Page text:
For more on Dr. Jonas's publications, scholarly interests and contact information, please see his faculty page.
Division: Europe--Medieval to Modern Times
Europe and the Modern World: This field aims to provide a familiarity with some of the great themes, problems, and events in the history of modern Europe, including but not limited to Europe’s larger global engagements. It offers a foundation for advanced study of a thematic or regional nature, a basis for comparative historical study within Europe and beyond, and preparation for the teaching of entry-level and advanced undergraduate surveys in the field.
Students preparing Europe and the Modern World as a graduate field should take the graduate field course (HSTEU 513) and at least one other graduate level course under my supervision.
Modern France: This field aims to provide a serviceable familiarity with the history of France from the Revolution of 1789 to the present. For much of the period--at least until 1945--France was regarded not only as a great power, but as the hub of global modernity in such diverse domains as architecture, art, political culture, philosophy, science, and fashion. An understanding of French politics and culture in these years is fundamental to the study of modern Europe and much of the world.
France was home to claims of universal human rights; it was also, paradoxically, the home to a global empire, touching Africa, Asia, and the Americas. Thus, the French field serves as a foundation for advanced study of one of the great national histories of continental Europe, but it also serves as the basis for comparative historical study within Europe and beyond.
Students preparing Modern France as a graduate field should take the graduate field course (HSTEU 521) and at least one other graduate level course under my supervision.
GRADUATE COURSES TAUGHT
History 595 - Digital Historical Practices
Digital Historical Practices is a graduate-level survey of technologies relevant to historians and historically-minded humanists. Over the course of the quarter we will examine together digital forms of social media analysis; text encoding and indexing; visual analysis and annotation; close reading and distant reading; data analysis and visualization; mapping and spatial analysis. We will also explore digital forms of scholarly production.
This course is intended to inform and support graduate research, but it also aims to serve as a survey of techniques relevant to our role as teachers of undergraduates.
This course focuses on one of the more dramatic forms of aggression--the war of conquest--and places it within the broader contexts of war, society, race, and nation. We take up case studies drawn from Europe, Africa, the Middle East, and the Americas in order to explore such themes as evangelical war, revolutionary war, wars of pacification, wars of empire, and wars of insurgency. We take particular interest in partisan warfare, the tradition of guerrilla, and the place of the partisan, the collaborator, and the insurgent. We pursue the collapse of the distinction between combatant and non-combatant, a distinction that is often also a gendered boundary. Finally, we look at the aftermaths of war, exploring the deployment and counter-deployment of memory in local and remote contexts. We use a mix of secondary and primary sources to facilitate discussions about research and teaching.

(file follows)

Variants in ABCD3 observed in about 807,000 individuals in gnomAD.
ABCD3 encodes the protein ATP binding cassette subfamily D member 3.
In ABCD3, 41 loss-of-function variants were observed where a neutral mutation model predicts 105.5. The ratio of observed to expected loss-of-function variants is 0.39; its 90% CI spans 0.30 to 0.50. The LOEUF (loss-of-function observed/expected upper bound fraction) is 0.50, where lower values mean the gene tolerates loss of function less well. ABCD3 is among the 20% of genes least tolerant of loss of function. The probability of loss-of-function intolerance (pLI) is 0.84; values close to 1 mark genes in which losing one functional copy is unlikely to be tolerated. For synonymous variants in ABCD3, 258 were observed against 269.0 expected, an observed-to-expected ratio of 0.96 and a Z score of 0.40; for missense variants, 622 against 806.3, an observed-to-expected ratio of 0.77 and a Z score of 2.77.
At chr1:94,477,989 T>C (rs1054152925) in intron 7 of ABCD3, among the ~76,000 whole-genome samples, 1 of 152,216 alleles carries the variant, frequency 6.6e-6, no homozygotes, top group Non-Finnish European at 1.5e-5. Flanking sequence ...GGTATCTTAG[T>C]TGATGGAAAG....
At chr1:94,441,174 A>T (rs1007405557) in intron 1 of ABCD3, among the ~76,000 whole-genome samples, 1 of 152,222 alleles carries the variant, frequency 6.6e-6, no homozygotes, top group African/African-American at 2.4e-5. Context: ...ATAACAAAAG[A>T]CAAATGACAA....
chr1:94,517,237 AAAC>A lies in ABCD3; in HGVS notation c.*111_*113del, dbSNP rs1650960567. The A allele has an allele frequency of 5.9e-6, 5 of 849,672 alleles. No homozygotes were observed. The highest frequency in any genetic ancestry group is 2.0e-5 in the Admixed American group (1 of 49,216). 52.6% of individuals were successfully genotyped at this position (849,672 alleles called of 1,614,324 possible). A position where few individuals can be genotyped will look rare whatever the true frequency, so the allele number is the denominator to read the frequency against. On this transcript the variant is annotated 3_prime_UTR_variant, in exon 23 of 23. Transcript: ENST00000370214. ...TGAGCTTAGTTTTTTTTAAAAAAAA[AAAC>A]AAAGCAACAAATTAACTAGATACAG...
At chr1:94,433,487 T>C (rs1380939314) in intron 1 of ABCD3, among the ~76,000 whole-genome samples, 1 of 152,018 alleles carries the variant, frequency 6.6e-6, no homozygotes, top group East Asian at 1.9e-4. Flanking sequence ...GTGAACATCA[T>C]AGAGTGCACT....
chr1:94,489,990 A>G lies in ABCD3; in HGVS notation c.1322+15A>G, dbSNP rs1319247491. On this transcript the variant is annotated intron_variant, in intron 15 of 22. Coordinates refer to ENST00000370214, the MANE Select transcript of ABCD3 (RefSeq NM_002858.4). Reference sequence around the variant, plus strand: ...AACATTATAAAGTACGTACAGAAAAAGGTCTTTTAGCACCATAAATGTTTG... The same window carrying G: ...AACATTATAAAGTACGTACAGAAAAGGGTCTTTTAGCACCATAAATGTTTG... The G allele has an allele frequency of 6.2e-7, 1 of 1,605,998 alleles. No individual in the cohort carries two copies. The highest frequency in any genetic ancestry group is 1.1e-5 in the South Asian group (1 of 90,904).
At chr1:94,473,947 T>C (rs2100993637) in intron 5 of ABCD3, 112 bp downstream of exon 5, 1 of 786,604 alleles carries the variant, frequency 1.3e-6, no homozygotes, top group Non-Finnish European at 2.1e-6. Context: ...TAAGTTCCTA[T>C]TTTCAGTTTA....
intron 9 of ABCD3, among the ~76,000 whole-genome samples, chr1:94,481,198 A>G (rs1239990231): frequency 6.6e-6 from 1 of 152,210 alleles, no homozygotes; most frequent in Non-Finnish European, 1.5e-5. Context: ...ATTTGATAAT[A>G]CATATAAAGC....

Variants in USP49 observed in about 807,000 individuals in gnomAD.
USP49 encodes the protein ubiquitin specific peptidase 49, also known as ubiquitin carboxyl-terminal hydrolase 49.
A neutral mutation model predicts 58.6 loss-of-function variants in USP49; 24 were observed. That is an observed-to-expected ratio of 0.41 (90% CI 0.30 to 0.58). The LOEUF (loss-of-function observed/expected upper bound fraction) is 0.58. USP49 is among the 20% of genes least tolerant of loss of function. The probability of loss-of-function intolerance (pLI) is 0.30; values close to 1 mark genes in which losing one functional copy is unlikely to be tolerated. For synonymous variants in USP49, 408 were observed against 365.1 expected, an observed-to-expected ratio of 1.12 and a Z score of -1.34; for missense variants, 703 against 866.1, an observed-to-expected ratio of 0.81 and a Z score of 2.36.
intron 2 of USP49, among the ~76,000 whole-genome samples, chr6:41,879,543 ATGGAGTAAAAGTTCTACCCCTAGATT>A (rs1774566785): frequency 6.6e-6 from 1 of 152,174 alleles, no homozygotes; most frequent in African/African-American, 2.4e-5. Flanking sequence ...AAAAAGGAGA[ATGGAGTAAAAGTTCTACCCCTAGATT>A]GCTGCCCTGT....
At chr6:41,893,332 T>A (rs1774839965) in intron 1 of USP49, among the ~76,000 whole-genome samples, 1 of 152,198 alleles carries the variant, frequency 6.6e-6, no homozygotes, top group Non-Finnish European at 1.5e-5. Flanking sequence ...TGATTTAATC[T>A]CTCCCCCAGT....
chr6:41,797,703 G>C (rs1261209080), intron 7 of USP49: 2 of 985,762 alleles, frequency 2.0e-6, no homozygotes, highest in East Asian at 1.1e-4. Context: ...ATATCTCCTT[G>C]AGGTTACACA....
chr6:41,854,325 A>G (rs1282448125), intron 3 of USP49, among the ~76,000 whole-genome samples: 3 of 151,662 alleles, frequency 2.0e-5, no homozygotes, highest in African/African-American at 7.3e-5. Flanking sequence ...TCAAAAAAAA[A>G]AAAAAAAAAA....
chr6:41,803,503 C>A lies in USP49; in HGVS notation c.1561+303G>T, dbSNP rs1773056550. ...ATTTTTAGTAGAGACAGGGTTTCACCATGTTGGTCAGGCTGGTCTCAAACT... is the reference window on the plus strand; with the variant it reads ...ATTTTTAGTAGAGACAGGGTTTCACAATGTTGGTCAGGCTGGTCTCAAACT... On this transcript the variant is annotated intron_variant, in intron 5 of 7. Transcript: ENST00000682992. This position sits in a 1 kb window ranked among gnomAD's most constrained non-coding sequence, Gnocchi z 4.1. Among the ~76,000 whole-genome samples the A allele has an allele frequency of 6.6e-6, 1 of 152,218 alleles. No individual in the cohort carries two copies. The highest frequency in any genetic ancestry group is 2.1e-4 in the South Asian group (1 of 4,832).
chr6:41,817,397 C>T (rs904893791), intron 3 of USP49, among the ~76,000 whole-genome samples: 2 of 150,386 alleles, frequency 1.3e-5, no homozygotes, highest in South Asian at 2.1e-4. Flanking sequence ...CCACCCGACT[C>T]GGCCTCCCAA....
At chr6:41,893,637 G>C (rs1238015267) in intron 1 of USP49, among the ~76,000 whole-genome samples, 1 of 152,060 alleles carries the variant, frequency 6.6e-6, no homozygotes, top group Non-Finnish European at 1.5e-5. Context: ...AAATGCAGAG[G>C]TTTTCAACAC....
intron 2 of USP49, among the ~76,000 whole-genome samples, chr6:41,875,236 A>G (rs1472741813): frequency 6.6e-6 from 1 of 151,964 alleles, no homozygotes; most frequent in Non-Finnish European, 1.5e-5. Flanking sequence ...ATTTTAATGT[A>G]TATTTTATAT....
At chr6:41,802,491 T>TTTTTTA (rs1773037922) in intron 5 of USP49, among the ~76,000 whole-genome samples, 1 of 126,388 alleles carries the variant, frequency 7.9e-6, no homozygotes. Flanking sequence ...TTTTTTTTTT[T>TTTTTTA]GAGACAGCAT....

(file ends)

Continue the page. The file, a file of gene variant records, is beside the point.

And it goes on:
Case studies contemplated include the Vendee (1793-1795), Egypt (1798), Spain (1808-1813), the Confederate Insurgency (1860-1865), Mexico (1840s-1860s), Ethiopia, German Southwest Africa, Algeria, Palestine.
A reading course in the history of France in the modern period. Topics vary from year to year according to such considerations as the timeliness of certain topics, expressed student interest, the publication of significant new work, and the visit of specialist scholars to campus. Prospective students should contact the instructor as soon as possible if the student wishes to see particular topics represented in the syllabus. Topics for this year include: the historiography of the French Revolution; the Egyptian campaign and French empire; the urban landscape.
HSTEU 521 and field preparation--this course may be taken as preparation for either of the following fields: Modern France, Europe and the Modern World.
Graduate students from related disciplines are encouraged to enroll.
Reading knowledge of French not required.
Class assignments: In addition to completing reading assignments and preparing for discussion, student responsibilities include two or three seminar presentations and three historiographical essays. Variable credit is available at the student's option; however, only the number of written assignments will be reduced for students enrolling for fewer than five credits.
This course concerns the history of Europe and its global engagements in the modern period. The field aims to provide a familiarity with some of the great themes, problems, and events in the history of modern Europe including, but not limited to, Europe's larger global engagements. It offers a foundation for advanced study of a thematic or regional nature, a basis for comparative historical study within Europe and beyond, and preparation for the teaching of entry-level and advanced undergraduate surveys in the field.
The syllabus begins with the Revolution of 1789 and the crisis of the European old regime and takes up select topics through the 19th and 20th centuries, incorporating primary and secondary sources. Students interested in taking HSTEU 513 should contact Professor Jonas right away; it is possible to adjust the syllabus to accommodate the interests of seminar participants.